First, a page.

Special Register Buffer Data Sampling

Solution Verified - Updated -


Red Hat has been made aware, by our hardware partners, of a new domain bypass transient execution attack known as Special Register Buffer Data Sampling (SRBDS) that may allow data values from special registers to be leaked by an attacker able to execute code on any core of the CPU. This issue only affects certain Intel client processors and Intel Xeon E3 processors.

This issue has been assigned CVE-2020-0543 and Red Hat has rated the severity impact as Moderate.

An unprivileged, local attacker can use this flaw to infer values returned by affected instructions known to be commonly used during cryptographic operations that rely on uniqueness, secrecy, or both.


Certain instructions (such as RDRAND) need to read data from outside the physical core on a microarchitectural level (for example, from a random number generator shared between cores) using an internal microarchitectural operation called a special register read.

On affected processors, data returned via special register read operation is stored in a processor-wide shared buffer that is usually larger than the data returned. Also, different special register read operations may use different portions of that shared buffer.

On transfer of data from the processor-wide shared buffer to per-core buffer, all content is copied, not only the result from the core initiated special register read operation. This potentially results in copying stale data from previous reads on different cores.

As such, an unprivileged local attacker can use this flaw to infer these stale values.

Affected instructions that rely on return value secrecy:



This vulnerability is only mitigated through microcode updates. If there are performance concerns, kernel updates will be made available in the coming weeks to provide customers with the ability to disable the microcode mitigation.

Performance impact

The microcode mitigation for SRBDS may cause a performance impact on Intel CPUs identified by the CVE for applications that use the RDRAND, RDSEED, or EGETKEY instructions. Most applications should see little to no impact unless they repeatedly use one of those instructions in hot code paths.

The performance impact can be felt in several ways. One is the individual RDRAND, RDSEED, or EGETKEY instruction times are slower. The other is that when executing those instructions, threads running on other processors may be impacted as well.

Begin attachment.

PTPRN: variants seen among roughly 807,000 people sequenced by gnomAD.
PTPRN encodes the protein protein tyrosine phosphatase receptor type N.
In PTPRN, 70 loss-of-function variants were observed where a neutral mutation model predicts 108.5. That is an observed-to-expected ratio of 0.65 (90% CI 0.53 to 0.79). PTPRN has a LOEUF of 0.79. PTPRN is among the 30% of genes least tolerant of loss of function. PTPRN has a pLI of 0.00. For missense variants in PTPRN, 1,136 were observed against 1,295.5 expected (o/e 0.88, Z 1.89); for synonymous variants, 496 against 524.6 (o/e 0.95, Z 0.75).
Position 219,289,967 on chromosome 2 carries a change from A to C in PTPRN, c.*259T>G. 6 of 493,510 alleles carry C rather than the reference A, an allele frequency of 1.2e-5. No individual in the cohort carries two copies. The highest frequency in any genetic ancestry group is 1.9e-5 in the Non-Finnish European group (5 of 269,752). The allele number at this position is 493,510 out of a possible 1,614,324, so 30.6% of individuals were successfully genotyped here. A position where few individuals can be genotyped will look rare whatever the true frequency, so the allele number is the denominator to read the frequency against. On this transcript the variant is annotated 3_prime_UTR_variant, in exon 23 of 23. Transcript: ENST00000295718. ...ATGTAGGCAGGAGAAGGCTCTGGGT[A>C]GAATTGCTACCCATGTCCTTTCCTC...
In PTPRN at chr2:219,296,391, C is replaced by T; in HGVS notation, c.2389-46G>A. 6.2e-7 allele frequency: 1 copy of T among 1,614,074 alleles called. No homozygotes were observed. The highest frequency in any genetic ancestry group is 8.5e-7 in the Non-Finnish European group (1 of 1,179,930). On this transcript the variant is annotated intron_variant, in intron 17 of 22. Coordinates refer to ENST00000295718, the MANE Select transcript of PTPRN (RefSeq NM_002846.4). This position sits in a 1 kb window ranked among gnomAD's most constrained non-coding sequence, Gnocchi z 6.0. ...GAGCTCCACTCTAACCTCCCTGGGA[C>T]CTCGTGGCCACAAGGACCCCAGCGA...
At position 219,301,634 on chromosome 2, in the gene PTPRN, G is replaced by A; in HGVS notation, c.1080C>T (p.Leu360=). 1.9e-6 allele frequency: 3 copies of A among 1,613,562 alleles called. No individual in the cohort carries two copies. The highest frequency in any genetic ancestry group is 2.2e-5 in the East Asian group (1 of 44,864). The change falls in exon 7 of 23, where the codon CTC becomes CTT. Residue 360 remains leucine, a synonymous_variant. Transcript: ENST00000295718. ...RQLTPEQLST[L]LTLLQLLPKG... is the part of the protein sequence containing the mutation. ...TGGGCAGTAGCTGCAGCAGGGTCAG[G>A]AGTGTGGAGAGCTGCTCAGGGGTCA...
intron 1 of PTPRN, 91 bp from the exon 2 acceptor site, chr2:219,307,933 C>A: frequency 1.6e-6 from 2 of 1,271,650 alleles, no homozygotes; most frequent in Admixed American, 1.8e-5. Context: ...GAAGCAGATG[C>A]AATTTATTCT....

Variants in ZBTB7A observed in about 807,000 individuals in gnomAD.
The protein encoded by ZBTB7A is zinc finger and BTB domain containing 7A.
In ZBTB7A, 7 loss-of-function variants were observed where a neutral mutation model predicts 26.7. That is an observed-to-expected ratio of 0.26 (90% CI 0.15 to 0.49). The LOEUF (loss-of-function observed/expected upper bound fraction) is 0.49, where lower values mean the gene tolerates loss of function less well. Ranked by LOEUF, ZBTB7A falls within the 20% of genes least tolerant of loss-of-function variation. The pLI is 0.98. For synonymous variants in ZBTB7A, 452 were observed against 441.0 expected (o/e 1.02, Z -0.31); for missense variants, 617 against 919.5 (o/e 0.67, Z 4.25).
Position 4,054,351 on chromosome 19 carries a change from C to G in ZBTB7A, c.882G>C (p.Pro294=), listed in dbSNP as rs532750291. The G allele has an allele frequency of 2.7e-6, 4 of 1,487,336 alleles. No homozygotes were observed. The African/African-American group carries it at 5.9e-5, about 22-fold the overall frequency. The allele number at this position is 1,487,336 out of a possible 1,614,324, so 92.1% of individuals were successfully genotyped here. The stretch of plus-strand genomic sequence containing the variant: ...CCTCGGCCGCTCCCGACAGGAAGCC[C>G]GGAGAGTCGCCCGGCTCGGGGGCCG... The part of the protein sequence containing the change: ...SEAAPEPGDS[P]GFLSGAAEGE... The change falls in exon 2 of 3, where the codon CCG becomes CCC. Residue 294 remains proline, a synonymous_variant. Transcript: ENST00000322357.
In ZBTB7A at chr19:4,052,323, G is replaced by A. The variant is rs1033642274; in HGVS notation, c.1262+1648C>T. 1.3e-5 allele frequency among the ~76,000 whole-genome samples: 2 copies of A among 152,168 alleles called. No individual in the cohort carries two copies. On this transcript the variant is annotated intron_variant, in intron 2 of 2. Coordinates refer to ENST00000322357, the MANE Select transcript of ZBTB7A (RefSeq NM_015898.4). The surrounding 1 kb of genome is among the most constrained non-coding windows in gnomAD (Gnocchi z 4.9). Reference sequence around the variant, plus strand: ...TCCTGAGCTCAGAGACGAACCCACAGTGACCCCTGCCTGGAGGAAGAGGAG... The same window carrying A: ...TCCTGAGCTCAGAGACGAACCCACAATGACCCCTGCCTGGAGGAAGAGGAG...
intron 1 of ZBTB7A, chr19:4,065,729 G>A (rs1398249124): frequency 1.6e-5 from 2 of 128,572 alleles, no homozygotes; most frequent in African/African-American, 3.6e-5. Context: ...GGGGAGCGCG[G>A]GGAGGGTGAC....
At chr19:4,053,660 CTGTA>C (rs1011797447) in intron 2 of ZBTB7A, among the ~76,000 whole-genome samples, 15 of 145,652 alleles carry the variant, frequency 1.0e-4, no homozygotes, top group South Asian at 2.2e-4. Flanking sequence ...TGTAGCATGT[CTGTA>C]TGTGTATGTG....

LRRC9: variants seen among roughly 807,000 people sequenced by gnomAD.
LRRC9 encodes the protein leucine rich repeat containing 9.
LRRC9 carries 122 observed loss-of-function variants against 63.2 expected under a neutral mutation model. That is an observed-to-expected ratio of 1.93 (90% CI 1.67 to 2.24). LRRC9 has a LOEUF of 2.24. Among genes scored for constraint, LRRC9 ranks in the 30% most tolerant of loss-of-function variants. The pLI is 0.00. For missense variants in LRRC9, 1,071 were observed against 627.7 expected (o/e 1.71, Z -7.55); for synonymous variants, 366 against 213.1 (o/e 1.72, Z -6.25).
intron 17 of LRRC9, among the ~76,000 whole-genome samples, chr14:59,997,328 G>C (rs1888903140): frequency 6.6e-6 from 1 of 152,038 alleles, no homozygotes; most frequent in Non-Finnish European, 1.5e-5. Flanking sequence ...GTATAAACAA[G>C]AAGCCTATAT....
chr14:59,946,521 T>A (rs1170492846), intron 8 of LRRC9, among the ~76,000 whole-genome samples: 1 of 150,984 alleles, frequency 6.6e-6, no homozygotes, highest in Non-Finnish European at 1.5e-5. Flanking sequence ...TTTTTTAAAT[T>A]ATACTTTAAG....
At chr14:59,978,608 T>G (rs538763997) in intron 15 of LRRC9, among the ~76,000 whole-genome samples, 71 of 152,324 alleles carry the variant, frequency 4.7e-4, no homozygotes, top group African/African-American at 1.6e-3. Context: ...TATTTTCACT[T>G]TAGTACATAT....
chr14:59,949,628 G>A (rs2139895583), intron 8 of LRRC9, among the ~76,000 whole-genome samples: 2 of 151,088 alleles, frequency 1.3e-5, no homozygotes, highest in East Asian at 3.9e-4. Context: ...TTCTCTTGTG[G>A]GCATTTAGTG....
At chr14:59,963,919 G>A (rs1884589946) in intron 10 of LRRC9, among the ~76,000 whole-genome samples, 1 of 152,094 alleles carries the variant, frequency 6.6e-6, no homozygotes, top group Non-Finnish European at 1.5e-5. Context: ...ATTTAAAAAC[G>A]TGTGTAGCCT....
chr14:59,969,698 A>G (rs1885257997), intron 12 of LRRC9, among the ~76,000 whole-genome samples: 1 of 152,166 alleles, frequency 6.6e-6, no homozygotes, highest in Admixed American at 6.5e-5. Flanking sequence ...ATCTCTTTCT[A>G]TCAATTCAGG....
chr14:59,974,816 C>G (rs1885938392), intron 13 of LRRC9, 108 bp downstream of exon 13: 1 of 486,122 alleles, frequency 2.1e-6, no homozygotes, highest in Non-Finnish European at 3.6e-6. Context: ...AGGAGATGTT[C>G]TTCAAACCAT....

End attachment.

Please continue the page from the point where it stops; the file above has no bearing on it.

Because the RDRAND, RDSEED, or EGETKEY instructions tend not to be called repeatedly, Red Hat's application testing mostly showed impact in the 0 to low single-digit percentile range.

Red Hat will make kernels available that will provide SRBDS mitigation status and an ability to control it.

These include:

  • a new /sys/devices/system/cpu/vulnerabilities/srbds file which reports whether the system CPUs are affected or if they are properly mitigated
  • a new srbds=off kernel command line option, which disables the mitigation and restores performance. The SRBDS mitigation will also be disabled using the existing "mitigations=off" kernel command line flag.

Until updated kernels are available, reverting the microcode update to the previous version (and thus effectively removing the SRBDS mitigation) also restores performance.

Affected Products

Red Hat Product Security has rated this update as having a security impact of Moderate.

The following Red Hat product versions are impacted:

  • Red Hat Enterprise Linux 6
  • Red Hat Enterprise Linux 7
  • Red Hat Enterprise Linux 8

The following Red Hat products will not be fixed due to being outside of their support window:

  • Red Hat Enterprise Linux 5

Refer to the Red Hat Enterprise Linux Life Cycle for more information on Red Hat out of support policies.

To protect the host system from malicious containers, ensure that the host system runs up-to-date packages. Although Red Hat's KVM virtualization guests may not be directly impacted by host vulnerabilities, their security generally depends on hypervisor support and on the integrity of the host environment. To protect KVM virtualization guests from exploits of this vulnerability, ensure that the host and guest systems both run up-to-date packages.

Affected Configurations

This issue only affects certain Intel client processors and Intel Xeon E3 processors.

See also:


Red Hat customers running affected versions of Red Hat products are recommended to update them as soon as errata are available. Customers are advised to apply the appropriate updates immediately and reboot to mitigate this flaw correctly.


Red Hat thanks Intel and industry partners for reporting this issue and collaborating on the mitigations.

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